The art of words that don’t make any sense

Minnesota Center for Book Arts hosts new exhibit about asemic writing — an art form made of illegible words.

Michael Jacobson poses for a portrait in his home in Minneapolis on Monday, Mar. 6, 2017

Meagan Lynch

Michael Jacobson poses for a portrait in his home in Minneapolis on Monday, Mar. 6, 2017

Joe Cristo

A new exhibit at the Minnesota Center for Book Arts explores the vast terrain of asemic writing — an art form that utilizes abstract, illegible script.

The exhibit entitled, “Asemic Writing: Offline and in the Gallery,” will run from March 10 to May 28. More than 50 artists from around the world will have their work shown.

“Asemic writing is a wordless and open-semantic form of writing,” event curator and artist Michael Jacobson said. “The writing is more open to interpretation like abstract art. Writers want to express themselves and some things just can’t be expressed with words.”

Typically, asemic writing is wordless and illegible. While it may look similar to handwriting, each piece is purposefully impossible to read. The word asemic itself means “having no semantic content.”

“This style is in my opinion one of the most powerful means of anti-expression created in recent years,” contributing artist Marco Giovenale said. “But also of the past. The kind of asemic writing we now see has its roots in a myriad of experiments crossing the whole century.”

Up until now, the community responsible for the majority of asemic visual work has met online.

“People want to do something that’s more handwritten and expressive of the human condition. Since it’s physically there, it brings a whole new meaning,” Jacobson said. “But it’s a double edged sword because while we are influenced by the internet, we also react against it by creating things offline.”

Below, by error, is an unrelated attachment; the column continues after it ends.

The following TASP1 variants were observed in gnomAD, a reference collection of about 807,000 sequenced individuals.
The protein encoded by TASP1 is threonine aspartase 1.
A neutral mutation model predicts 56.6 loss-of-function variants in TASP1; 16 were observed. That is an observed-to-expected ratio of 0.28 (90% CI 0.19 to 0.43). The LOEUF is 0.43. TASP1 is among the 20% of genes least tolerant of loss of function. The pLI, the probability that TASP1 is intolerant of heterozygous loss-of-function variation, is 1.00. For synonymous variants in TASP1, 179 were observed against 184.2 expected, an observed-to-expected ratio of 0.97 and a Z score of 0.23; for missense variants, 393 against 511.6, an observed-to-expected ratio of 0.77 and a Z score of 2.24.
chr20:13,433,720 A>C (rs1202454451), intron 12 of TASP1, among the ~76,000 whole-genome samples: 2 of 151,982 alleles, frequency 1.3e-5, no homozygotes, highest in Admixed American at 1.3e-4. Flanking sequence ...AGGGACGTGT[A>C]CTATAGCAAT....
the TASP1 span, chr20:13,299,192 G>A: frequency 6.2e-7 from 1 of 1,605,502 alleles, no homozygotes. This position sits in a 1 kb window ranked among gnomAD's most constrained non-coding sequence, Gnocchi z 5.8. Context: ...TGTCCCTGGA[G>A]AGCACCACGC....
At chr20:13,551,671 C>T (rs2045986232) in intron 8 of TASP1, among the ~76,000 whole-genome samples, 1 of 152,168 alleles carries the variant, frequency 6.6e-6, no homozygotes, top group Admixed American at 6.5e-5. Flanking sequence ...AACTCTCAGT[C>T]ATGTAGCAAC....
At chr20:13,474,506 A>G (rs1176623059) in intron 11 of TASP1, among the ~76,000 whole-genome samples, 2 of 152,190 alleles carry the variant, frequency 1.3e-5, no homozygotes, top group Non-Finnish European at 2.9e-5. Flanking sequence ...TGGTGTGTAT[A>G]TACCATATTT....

What makes asemic writing different is that it’s a visual art form created by artists who care more about prose and what is on the page. For many artists, it’s about integrating different forms of art into their routine.

“Asemic writing allows me not to drop my main activity [writing prose pieces] while still keeping me one step before the gloss and fake realm of some contemporary art,” Giovenale said.

The work of Tim Gaze — an important figure in asemic writing history — will also be shown. Issues of Asemic Magazine, which was the first publication devoted to illegible writing in all of its forms and is edited by Gaze, will also be on display.

Like many artists, Gaze’s interests lie in calligraphy and the power of international languages.

“Particular styles of asemic writing are global and transcend language or ethnic cultures,” Gaze said. “I used to practice writing systems from other cultures such as Chinese, then cut loose and create my own pseudo-Chinese asemic writing. Using approaches like this, I’ve tried to find a truly international style.”

To many westerners, the intersection of words and meaninglessness is difficult to grasp. But connecting how handwriting and meaning affect one another is the first step in understanding asemic writing.

“I’m not aiming to be a virtuoso calligrapher,” Gaze said. “I just try to capture a raw feeling that a Chinese person, or anyone around the world, can perhaps relate to.”

What: “Asemic Writing: Offline and in the Gallery”

When: March 10 through May 28

Where: Minnesota Center for Book Arts, 1011 Washington Ave. S., Minneapolis

How much: Free